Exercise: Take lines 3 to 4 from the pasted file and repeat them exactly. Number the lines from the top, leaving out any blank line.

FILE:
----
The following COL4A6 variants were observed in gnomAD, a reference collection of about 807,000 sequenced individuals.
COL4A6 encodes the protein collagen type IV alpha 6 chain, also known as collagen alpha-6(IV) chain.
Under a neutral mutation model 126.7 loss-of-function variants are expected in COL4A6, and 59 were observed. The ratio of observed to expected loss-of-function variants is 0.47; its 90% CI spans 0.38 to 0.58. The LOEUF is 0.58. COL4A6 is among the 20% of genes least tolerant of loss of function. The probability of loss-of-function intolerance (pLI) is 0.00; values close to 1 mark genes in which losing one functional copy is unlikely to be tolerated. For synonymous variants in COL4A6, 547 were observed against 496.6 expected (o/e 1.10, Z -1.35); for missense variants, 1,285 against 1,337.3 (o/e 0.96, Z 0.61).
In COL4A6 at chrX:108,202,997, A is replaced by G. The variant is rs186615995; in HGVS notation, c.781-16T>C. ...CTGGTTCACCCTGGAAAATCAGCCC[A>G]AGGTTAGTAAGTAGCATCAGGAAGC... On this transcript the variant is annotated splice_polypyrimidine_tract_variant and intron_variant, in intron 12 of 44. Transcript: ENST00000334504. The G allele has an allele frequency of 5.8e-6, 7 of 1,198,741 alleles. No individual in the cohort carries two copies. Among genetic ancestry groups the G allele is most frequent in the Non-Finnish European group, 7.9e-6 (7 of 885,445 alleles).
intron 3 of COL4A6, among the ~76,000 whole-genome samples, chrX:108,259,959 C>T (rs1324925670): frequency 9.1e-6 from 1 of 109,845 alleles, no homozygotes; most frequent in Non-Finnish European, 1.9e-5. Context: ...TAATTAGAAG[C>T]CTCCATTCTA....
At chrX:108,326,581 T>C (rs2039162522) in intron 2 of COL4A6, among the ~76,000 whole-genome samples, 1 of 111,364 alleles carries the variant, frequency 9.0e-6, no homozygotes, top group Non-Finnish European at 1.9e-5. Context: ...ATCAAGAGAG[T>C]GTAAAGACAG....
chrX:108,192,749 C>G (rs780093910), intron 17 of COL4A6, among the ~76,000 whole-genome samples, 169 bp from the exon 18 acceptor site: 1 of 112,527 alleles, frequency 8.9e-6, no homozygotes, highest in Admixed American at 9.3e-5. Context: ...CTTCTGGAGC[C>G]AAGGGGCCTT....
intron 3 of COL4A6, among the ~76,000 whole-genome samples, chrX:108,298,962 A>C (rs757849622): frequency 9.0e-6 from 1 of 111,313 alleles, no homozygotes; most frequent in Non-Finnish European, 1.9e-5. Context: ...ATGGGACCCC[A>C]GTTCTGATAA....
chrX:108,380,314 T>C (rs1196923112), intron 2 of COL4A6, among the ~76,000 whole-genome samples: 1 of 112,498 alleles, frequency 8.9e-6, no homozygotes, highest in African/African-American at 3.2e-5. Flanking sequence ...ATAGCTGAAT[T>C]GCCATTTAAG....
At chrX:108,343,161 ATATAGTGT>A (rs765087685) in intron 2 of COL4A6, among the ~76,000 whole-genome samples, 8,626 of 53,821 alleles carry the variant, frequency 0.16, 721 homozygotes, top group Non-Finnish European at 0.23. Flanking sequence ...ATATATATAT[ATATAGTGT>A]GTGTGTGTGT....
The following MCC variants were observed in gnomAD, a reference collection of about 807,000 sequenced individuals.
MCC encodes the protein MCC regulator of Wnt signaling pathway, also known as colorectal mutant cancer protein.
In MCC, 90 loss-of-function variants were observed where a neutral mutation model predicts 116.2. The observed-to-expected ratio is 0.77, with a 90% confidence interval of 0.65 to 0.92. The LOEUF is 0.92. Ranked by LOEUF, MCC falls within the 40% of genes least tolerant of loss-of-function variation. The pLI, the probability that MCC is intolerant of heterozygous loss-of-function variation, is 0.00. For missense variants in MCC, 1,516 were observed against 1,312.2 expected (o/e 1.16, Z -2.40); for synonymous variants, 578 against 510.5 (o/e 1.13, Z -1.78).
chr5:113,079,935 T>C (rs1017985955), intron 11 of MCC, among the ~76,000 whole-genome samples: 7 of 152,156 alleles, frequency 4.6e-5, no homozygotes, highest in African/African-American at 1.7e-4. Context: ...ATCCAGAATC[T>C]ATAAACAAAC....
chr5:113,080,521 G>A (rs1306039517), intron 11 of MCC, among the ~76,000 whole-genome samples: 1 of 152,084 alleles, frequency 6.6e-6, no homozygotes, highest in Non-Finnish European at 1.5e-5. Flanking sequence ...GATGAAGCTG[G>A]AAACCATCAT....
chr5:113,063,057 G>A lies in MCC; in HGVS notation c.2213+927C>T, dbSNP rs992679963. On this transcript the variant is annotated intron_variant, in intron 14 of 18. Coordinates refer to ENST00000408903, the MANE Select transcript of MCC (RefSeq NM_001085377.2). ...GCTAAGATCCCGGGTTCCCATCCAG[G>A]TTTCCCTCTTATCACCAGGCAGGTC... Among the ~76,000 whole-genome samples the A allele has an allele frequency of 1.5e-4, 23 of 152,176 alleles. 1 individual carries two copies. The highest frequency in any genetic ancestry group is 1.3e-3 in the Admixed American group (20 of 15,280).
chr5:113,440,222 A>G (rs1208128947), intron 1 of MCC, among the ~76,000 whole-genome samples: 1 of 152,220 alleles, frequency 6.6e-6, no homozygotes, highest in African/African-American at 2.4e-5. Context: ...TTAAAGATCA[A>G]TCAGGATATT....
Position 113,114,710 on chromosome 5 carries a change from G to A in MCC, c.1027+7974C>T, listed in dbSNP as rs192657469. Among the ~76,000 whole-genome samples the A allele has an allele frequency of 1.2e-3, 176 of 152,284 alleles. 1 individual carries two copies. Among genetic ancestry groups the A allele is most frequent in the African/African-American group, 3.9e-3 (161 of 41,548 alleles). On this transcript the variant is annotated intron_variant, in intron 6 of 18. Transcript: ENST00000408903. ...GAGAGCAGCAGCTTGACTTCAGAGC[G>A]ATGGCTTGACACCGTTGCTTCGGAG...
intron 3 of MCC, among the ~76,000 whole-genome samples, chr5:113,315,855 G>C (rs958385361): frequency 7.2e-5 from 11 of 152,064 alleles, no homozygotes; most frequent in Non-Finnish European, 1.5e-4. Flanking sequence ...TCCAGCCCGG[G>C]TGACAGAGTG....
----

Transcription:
Under a neutral mutation model 126.7 loss-of-function variants are expected in COL4A6, and 59 were observed. The ratio of observed to expected loss-of-function variants is 0.47; its 90% CI spans 0.38 to 0.58. The LOEUF is 0.58. COL4A6 is among the 20% of genes least tolerant of loss of function. The probability of loss-of-function intolerance (pLI) is 0.00; values close to 1 mark genes in which losing one functional copy is unlikely to be tolerated. For synonymous variants in COL4A6, 547 were observed against 496.6 expected (o/e 1.10, Z -1.35); for missense variants, 1,285 against 1,337.3 (o/e 0.96, Z 0.61).
In COL4A6 at chrX:108,202,997, A is replaced by G. The variant is rs186615995; in HGVS notation, c.781-16T>C. ...CTGGTTCACCCTGGAAAATCAGCCC[A>G]AGGTTAGTAAGTAGCATCAGGAAGC... On this transcript the variant is annotated splice_polypyrimidine_tract_variant and intron_variant, in intron 12 of 44. Transcript: ENST00000334504. The G allele has an allele frequency of 5.8e-6, 7 of 1,198,741 alleles. No individual in the cohort carries two copies. Among genetic ancestry groups the G allele is most frequent in the Non-Finnish European group, 7.9e-6 (7 of 885,445 alleles).